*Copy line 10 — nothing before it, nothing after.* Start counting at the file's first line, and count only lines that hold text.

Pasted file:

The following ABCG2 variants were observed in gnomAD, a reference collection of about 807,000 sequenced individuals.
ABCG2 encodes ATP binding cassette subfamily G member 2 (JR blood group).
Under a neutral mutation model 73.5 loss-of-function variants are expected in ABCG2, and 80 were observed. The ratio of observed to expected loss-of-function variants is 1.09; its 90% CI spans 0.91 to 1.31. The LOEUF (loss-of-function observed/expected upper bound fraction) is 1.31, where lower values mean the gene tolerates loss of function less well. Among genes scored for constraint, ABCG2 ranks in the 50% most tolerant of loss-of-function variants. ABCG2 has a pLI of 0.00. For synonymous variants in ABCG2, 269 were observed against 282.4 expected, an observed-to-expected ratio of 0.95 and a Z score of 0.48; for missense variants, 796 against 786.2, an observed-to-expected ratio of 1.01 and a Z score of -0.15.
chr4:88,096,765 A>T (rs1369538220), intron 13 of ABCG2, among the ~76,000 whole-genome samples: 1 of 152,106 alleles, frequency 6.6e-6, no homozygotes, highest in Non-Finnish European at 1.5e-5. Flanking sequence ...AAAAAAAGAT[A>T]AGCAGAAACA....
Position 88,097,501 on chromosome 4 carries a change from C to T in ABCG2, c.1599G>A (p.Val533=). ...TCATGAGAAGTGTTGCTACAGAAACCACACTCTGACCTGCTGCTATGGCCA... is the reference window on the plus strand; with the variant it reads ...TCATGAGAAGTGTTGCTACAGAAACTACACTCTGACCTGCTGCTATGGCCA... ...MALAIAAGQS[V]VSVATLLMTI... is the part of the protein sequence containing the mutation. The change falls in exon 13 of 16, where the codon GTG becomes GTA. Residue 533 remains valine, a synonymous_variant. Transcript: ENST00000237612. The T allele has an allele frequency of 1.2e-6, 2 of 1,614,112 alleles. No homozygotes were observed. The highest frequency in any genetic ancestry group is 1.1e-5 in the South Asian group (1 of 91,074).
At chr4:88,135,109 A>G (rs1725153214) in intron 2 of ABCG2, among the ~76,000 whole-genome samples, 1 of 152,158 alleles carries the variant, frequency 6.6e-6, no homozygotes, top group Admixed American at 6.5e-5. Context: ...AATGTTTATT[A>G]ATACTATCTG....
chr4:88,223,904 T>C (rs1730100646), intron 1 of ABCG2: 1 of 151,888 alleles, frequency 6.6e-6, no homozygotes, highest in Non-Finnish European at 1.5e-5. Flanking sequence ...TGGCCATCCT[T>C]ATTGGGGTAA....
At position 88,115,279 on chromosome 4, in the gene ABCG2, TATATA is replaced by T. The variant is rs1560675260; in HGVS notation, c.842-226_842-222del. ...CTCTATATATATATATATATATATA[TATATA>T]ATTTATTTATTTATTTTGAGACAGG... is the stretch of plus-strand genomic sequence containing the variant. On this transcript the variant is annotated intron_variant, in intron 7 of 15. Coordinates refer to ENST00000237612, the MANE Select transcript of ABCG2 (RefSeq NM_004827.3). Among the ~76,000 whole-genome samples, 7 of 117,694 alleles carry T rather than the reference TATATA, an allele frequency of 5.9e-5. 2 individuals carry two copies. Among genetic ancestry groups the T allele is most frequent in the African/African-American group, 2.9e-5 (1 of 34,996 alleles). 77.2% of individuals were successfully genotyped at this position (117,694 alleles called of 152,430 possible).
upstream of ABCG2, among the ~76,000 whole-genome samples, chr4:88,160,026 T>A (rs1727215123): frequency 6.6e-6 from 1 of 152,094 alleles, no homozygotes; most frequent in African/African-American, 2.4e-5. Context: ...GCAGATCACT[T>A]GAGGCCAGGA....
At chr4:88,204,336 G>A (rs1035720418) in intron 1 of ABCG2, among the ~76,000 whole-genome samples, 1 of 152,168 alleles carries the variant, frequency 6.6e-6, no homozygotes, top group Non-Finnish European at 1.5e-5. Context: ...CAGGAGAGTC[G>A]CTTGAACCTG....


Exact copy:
At chr4:88,204,336 G>A (rs1035720418) in intron 1 of ABCG2, among the ~76,000 whole-genome samples, 1 of 152,168 alleles carries the variant, frequency 6.6e-6, no homozygotes, top group Non-Finnish European at 1.5e-5. Context: ...CAGGAGAGTC[G>A]CTTGAACCTG....